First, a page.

an uptight preacher’s daughter, she comes off snobbish and brittle, a far cry
from the many radiant female characters she played during her long career.
Bat Masterson was one of the most interesting legends
of the Old West. Besides being a buffalo hunter, a gambler, a gunfighter and a
lawman, he was later in life a sports columnist for New York newspapers, a regular
Times Square celebrity, and a friend of Teddy Roosevelt. Too bad the filmmakers
didn’t try to add some of the real Masterson’s pizzazz to the dull character in
Kino Lorber did a first rate job transferring the
cinemascope print to Blu-ray. The presentation is flawless, with vibrant color
and good black level. The mono sound is crisp and clear. The only extras on
this release are preview trailers for other KL Studio Classic releases,
including Anthony Mann’s “Man of the West.” If you are a Joel McCrea fan you’ll
probably want to add this one to your collection, but if you’re looking for a
factual biopic of Bat Masterson or even just a good, entertaining western, look
Somehow I missed Norman Jewison’s Other People’s Money when it was released in 1991, but now courtesy
of the Warner Archive Collection, I was able to catch up with this minor but enjoyable film.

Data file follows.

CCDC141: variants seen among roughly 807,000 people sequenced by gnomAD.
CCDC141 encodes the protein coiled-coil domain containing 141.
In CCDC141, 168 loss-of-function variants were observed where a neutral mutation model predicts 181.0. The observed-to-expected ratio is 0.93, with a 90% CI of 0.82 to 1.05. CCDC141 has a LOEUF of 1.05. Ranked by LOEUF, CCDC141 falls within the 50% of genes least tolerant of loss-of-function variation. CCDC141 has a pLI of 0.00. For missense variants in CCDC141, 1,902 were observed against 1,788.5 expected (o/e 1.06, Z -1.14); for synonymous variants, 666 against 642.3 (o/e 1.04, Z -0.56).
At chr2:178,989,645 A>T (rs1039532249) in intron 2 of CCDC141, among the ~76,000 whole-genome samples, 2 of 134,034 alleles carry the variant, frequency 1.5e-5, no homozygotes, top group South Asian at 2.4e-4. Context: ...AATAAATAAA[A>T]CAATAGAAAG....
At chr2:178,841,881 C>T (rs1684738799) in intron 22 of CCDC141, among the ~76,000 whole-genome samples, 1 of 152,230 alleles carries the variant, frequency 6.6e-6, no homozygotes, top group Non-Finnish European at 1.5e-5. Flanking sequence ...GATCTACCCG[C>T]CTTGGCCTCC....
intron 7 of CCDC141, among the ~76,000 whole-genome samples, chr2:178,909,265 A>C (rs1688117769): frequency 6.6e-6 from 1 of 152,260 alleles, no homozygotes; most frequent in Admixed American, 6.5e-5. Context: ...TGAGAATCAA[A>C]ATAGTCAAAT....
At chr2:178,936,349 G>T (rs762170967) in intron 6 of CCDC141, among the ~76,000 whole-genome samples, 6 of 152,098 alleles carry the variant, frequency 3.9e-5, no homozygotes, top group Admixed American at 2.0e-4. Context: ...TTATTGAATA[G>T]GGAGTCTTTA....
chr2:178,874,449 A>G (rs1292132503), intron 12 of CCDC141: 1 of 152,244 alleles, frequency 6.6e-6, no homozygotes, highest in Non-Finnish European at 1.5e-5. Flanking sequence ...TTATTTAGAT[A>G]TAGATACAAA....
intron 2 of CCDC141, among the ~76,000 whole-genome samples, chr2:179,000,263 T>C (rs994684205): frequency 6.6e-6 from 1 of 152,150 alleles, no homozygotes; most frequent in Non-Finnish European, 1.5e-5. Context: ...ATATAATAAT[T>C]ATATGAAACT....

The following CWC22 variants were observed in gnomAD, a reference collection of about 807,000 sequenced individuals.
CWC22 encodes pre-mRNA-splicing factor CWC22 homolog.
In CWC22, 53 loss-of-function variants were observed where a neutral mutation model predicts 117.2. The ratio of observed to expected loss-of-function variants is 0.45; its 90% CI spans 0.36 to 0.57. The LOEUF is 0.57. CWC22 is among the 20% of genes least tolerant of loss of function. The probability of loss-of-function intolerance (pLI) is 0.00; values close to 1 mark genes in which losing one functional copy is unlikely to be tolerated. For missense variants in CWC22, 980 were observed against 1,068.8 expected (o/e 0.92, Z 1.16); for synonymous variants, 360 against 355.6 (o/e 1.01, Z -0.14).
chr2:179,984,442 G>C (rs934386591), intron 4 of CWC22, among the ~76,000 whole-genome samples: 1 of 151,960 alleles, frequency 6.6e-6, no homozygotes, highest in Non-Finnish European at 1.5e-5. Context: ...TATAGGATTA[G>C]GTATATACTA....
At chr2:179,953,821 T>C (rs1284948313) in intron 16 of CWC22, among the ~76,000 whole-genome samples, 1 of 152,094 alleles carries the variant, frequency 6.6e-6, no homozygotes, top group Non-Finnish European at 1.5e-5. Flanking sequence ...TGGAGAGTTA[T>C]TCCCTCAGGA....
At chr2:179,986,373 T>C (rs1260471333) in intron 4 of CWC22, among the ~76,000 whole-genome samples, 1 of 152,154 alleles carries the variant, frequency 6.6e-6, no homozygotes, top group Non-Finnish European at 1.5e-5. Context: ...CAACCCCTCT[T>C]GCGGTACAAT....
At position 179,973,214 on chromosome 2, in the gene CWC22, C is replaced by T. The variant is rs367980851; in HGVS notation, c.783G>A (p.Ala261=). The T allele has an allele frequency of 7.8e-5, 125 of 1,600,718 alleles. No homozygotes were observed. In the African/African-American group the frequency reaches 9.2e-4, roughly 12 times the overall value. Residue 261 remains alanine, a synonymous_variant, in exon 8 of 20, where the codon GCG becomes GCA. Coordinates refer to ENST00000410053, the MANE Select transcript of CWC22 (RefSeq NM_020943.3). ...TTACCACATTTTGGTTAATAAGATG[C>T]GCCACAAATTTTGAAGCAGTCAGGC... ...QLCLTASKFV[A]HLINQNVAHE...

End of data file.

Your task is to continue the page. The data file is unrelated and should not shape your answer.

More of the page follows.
Based on Jerry Steiner’s play of the same name, with a
screenplay by Alvin Sargent, Other People’s Money is mostly notable as Gregory Peck’s last major
screen performance. Peck turns in one of his signature honorable roles as
Andrew Jorgensen, a successful but principled businessman who is ultimately more
invested in his employees and
maintaining integrity than in enlarging his company’s bottom line. That’s why
he and his wife Bea (Piper Laurie), along with manager Bill Coles (Dean Jones),
are determined to keep New England Wire and Cable out of the ruthless hands of
corporate raider Larry the Liquidator (Danny DeVito). Way out of their depth,
they call in a secret weapon, savvy New York lawyer Kate Sullivan (the
wonderful Penelope Ann Miller) to outwit and out-beguile Larry. As Bea’s
daughter, Kate has added incentive to stay a step ahead of her opponent and
keep the company intact.
Devito excels at creating despicable but lovable
characters and gets a rare lead role in this film. He plays Larry like he
stepped out of Guys and Dolls, only
this eccentric millionaire gambles with stock and shares rather than dice. The
love of Larry’s life is his computer system CARMEN which provides him with